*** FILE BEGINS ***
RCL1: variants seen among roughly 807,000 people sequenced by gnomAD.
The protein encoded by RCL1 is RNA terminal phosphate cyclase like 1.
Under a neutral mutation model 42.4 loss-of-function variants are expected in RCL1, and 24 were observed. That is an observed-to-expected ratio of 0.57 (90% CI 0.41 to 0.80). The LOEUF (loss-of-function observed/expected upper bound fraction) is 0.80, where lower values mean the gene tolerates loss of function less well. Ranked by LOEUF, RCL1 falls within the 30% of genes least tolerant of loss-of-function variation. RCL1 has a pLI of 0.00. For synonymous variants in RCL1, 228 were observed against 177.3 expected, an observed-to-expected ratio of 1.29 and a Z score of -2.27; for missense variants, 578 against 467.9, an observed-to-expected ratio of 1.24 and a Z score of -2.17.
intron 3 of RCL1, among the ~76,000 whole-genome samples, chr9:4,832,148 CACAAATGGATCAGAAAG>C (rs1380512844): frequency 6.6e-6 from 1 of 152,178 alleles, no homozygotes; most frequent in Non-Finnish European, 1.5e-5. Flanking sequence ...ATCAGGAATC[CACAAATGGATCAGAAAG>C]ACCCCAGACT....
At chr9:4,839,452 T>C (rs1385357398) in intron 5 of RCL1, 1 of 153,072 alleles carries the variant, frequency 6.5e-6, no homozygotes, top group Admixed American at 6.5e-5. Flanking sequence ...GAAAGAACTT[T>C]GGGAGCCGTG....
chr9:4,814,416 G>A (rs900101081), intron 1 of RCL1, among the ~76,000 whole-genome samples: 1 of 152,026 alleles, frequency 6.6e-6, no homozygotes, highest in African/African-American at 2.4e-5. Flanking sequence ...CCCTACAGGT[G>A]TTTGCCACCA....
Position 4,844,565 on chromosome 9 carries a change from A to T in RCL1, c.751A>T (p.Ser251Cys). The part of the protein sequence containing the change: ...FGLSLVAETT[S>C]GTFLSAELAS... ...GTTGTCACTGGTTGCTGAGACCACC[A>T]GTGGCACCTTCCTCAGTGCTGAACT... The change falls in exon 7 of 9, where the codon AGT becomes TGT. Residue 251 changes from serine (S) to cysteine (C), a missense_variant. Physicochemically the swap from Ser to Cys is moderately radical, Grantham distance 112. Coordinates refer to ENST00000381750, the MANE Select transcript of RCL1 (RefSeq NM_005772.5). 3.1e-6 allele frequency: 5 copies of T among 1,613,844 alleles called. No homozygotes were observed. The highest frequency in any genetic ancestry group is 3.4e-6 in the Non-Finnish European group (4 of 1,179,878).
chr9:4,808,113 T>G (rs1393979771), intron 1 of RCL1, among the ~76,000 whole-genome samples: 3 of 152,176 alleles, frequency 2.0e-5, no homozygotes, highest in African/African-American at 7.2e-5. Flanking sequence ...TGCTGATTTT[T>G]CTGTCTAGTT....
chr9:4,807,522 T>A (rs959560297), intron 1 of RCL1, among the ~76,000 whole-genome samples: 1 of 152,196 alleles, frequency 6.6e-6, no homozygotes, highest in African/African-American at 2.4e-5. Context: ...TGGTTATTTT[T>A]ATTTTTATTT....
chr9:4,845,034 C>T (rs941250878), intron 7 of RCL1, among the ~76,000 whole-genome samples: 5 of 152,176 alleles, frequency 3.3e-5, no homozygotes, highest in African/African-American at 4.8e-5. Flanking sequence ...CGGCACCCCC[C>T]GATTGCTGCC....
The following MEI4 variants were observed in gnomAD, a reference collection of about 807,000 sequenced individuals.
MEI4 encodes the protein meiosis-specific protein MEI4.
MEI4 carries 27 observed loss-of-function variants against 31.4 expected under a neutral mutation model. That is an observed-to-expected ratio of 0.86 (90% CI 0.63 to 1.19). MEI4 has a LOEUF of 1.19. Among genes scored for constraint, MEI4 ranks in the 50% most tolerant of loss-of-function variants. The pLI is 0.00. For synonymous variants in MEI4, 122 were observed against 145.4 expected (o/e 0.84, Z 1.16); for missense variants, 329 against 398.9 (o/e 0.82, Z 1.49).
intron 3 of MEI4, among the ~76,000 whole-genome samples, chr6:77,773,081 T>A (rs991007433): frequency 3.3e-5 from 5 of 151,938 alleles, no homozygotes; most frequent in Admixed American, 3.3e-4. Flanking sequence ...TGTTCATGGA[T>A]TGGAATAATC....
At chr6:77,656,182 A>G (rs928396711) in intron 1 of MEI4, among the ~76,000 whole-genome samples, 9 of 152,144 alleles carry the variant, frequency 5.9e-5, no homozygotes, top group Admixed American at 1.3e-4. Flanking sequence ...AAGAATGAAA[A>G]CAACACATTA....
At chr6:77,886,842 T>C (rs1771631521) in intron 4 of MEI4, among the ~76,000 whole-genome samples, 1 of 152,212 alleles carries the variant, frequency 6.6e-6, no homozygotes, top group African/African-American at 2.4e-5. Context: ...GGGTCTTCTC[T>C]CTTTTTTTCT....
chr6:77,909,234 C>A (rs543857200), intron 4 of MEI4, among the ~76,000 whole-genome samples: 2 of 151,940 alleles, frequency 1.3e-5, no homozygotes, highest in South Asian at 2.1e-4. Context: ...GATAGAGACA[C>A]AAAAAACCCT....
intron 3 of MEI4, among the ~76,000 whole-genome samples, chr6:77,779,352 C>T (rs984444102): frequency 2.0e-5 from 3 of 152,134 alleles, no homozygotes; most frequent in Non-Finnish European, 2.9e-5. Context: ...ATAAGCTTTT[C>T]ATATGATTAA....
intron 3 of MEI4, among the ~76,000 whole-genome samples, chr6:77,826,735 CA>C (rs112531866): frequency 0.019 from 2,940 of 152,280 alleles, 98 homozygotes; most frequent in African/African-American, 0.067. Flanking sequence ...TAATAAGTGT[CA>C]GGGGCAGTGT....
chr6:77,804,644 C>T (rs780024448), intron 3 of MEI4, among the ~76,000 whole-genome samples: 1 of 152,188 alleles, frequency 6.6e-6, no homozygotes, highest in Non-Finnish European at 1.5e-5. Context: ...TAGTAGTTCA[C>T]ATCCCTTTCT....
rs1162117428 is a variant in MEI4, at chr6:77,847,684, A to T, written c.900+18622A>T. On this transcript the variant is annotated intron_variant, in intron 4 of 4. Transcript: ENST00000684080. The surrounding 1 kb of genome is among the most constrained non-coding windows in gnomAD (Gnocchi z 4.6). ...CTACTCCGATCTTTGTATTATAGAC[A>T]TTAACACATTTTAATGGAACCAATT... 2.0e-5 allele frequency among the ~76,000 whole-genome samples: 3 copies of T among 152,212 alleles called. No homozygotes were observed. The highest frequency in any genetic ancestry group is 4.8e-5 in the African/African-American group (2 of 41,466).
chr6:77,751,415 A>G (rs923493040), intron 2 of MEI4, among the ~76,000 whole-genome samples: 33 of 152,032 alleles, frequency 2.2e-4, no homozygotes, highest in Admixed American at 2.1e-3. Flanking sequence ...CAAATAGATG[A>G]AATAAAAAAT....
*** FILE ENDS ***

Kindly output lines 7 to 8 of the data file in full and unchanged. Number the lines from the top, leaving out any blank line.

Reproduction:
Position 4,844,565 on chromosome 9 carries a change from A to T in RCL1, c.751A>T (p.Ser251Cys). The part of the protein sequence containing the change: ...FGLSLVAETT[S>C]GTFLSAELAS... ...GTTGTCACTGGTTGCTGAGACCACC[A>T]GTGGCACCTTCCTCAGTGCTGAACT... The change falls in exon 7 of 9, where the codon AGT becomes TGT. Residue 251 changes from serine (S) to cysteine (C), a missense_variant. Physicochemically the swap from Ser to Cys is moderately radical, Grantham distance 112. Coordinates refer to ENST00000381750, the MANE Select transcript of RCL1 (RefSeq NM_005772.5). 3.1e-6 allele frequency: 5 copies of T among 1,613,844 alleles called. No homozygotes were observed. The highest frequency in any genetic ancestry group is 3.4e-6 in the Non-Finnish European group (4 of 1,179,878).
chr9:4,808,113 T>G (rs1393979771), intron 1 of RCL1, among the ~76,000 whole-genome samples: 3 of 152,176 alleles, frequency 2.0e-5, no homozygotes, highest in African/African-American at 7.2e-5. Flanking sequence ...TGCTGATTTT[T>G]CTGTCTAGTT....